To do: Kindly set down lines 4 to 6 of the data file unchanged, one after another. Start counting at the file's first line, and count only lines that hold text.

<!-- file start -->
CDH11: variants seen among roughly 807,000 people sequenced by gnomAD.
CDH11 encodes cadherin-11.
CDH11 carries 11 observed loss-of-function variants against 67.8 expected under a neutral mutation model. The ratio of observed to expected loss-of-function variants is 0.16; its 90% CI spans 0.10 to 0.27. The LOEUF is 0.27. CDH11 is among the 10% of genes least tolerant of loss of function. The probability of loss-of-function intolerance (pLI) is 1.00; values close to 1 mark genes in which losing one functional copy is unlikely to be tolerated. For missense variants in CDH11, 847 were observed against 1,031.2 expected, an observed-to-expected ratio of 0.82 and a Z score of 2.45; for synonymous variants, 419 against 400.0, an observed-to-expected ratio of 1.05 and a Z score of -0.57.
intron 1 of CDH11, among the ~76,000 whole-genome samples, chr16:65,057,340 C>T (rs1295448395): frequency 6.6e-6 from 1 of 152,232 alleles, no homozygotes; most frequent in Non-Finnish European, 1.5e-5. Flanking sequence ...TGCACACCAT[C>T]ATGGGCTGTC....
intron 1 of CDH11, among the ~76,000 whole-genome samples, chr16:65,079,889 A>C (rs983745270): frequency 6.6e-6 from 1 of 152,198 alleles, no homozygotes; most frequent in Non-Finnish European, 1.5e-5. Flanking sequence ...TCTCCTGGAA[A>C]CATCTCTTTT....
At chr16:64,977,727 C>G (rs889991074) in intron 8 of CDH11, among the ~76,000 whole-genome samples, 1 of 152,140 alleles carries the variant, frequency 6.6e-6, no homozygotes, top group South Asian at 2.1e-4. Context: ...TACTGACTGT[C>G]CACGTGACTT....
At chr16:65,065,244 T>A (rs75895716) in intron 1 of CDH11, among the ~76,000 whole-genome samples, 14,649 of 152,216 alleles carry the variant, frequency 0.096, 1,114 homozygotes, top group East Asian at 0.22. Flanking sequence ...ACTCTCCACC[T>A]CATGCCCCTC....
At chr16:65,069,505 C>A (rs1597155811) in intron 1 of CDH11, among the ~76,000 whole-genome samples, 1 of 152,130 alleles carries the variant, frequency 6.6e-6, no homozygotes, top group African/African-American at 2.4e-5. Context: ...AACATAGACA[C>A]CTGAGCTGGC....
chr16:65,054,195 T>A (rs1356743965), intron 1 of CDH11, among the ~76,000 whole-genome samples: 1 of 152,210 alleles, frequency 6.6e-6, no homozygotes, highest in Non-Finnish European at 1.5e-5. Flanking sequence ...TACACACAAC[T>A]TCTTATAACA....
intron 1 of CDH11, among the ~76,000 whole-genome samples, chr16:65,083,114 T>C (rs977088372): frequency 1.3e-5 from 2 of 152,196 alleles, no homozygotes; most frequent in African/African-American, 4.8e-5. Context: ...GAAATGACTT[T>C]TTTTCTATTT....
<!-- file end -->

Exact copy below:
intron 1 of CDH11, among the ~76,000 whole-genome samples, chr16:65,057,340 C>T (rs1295448395): frequency 6.6e-6 from 1 of 152,232 alleles, no homozygotes; most frequent in Non-Finnish European, 1.5e-5. Flanking sequence ...TGCACACCAT[C>T]ATGGGCTGTC....
intron 1 of CDH11, among the ~76,000 whole-genome samples, chr16:65,079,889 A>C (rs983745270): frequency 6.6e-6 from 1 of 152,198 alleles, no homozygotes; most frequent in Non-Finnish European, 1.5e-5. Flanking sequence ...TCTCCTGGAA[A>C]CATCTCTTTT....
At chr16:64,977,727 C>G (rs889991074) in intron 8 of CDH11, among the ~76,000 whole-genome samples, 1 of 152,140 alleles carries the variant, frequency 6.6e-6, no homozygotes, top group South Asian at 2.1e-4. Context: ...TACTGACTGT[C>G]CACGTGACTT....